·         An appreciation by filmmaker Ben Wheatley;
    ·         Theatrical trailers for both films;
    ·         Collector’s booklet containing new writing by Peter Kramer, Barry Forshaw and filmmaker Ron Peck, illustrated with original archive stills.

    Very highly recommended.

    Stephen James Walker

    Friday, February 27, 2015

    Review - Rabid (1977)

    I have a fond association with David Cronenberg's second major film, Rabid. It was one of the earliest film novelisations that I ever read, and I may have even read the novelisation before I saw the film ... and I remember a local cinema down in Newquay, Cornwall, had the poster in their frame showing the girl in the deep freeze ... and this image tantalised and thrilled me ... it wasn't until I saw the actual film that I understood who the girl was and why she was frozen!

    And now the lovely people at Arrow have released a remastered version of the film on Blu-Ray, complete with a nice little selection of extras ... so let's dive in! But be warned, on this occasion I do give away the ending ... so if you've not seen it and intend to, then stop reading now.

    The film itself looks lovely. There is some black speckling around the opening title cards, but I suspect that this is on the original prints too, and would perhaps take too much to remove digitally. But aside from this, the print looks clean and is very watchable. The film itself is actually a little pedestrian to be honest, but it has a seventies charm about it. It's interesting to note that it was released the same year as another favourite film, Dario Argent's Suspiria as both films seem slightly ahead of their time. Cronenberg always comes up with the goods, and here it is former porn actress Marilyn Chambers who astonishes as Rose, a biker-chick girl who gets into a nasty motorcycle accident outside a place called the Keloid Clinic near Montreal  (after Doctor Keloid, and not after the keloid as a type of scar tissue - though the medical meaning of the word is obviously deliberate in the context of the film). Rose is taken into the Clinic and given emergency treatment and plastic surgery to repair damage to her breasts and hpper body - flesh is removed from her thighs and treated to transform it into generic tissue which can then take on the attributes of wherever it is used on the body.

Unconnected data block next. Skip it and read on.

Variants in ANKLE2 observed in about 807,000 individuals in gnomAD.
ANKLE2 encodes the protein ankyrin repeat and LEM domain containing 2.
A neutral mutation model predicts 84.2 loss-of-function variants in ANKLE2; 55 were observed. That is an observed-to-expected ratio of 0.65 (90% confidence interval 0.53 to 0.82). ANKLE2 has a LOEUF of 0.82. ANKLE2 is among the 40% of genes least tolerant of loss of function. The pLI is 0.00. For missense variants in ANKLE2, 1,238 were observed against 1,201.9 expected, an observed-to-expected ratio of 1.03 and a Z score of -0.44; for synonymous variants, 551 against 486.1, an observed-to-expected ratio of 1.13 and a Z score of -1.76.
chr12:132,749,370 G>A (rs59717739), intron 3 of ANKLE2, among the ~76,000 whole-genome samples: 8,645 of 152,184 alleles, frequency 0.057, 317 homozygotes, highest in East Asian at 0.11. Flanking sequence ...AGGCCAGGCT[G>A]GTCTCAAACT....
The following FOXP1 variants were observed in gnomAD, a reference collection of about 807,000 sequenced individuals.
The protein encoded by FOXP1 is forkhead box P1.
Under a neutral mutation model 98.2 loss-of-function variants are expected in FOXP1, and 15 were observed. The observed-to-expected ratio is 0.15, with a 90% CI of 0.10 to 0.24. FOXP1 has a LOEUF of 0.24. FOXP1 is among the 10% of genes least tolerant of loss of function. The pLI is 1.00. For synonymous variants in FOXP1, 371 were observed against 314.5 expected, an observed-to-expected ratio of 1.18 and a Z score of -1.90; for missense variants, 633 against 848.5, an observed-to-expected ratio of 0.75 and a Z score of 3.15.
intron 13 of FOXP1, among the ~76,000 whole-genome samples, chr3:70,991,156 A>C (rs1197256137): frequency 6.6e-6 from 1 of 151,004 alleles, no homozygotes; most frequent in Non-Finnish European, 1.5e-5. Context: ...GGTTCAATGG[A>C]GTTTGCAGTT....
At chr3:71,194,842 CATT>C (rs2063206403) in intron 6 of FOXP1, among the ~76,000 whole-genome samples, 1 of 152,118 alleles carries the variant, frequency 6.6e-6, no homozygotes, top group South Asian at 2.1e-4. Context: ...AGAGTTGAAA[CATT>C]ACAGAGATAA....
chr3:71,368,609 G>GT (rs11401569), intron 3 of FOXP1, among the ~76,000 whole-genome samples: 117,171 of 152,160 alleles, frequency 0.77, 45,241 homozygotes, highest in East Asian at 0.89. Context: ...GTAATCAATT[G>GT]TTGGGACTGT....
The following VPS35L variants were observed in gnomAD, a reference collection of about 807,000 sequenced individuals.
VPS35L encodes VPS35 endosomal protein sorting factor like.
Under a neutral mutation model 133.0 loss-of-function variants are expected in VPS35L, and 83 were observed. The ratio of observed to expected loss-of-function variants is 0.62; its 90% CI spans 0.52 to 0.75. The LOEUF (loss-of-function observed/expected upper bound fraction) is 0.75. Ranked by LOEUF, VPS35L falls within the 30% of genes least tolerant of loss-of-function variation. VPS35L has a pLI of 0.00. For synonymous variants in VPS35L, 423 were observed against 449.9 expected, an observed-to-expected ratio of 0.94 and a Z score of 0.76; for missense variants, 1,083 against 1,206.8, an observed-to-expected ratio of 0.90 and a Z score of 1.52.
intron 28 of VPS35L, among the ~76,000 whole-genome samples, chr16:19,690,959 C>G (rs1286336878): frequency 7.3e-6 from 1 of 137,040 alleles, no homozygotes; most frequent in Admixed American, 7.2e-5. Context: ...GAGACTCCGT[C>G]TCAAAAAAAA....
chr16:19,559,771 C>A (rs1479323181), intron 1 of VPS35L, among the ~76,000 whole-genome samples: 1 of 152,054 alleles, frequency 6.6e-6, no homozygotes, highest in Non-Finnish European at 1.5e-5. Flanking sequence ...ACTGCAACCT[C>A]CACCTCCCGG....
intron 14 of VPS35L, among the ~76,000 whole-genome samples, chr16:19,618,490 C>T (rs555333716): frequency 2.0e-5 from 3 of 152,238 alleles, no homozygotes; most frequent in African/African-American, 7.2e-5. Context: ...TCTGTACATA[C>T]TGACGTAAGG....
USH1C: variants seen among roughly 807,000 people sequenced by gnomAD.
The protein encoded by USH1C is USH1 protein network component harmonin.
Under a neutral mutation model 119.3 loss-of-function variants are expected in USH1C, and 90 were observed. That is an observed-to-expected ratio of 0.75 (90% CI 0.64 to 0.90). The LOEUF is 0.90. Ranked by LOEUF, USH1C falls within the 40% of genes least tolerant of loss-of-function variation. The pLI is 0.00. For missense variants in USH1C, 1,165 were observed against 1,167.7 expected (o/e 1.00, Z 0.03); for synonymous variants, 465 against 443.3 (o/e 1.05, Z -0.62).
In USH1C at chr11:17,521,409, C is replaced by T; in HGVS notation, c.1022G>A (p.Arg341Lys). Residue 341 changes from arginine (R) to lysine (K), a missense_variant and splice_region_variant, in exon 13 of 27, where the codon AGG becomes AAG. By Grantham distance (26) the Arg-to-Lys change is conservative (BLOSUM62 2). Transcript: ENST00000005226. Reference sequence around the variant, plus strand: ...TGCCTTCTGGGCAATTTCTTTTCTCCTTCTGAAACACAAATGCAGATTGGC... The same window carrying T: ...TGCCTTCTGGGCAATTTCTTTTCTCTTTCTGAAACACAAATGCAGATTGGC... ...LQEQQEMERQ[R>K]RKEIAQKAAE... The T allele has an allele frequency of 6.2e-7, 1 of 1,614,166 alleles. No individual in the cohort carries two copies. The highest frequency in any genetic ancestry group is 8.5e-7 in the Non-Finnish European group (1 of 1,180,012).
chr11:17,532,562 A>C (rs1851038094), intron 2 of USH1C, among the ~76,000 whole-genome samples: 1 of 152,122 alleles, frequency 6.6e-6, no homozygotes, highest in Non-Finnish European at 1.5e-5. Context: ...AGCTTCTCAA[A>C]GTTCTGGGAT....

Unfortunately for Doctor Keloid and Rose, some of this generic tissue decides to develop into a puckered anus-like lesion under Rose's arm, and inside the hole is a chitinous barb, through which Rose can ingest blood from victims. Thus Rose heads off on a bloodsucking spree, taking from patients and nurses at the surgery. Unfortunately, these people then develop a fast-spreading madness, similar to rabies (hence the title of the film) and before long, Montreal is under martial law as people head off foaming at the mouth, biting others, and spreading the 'zombie plague'.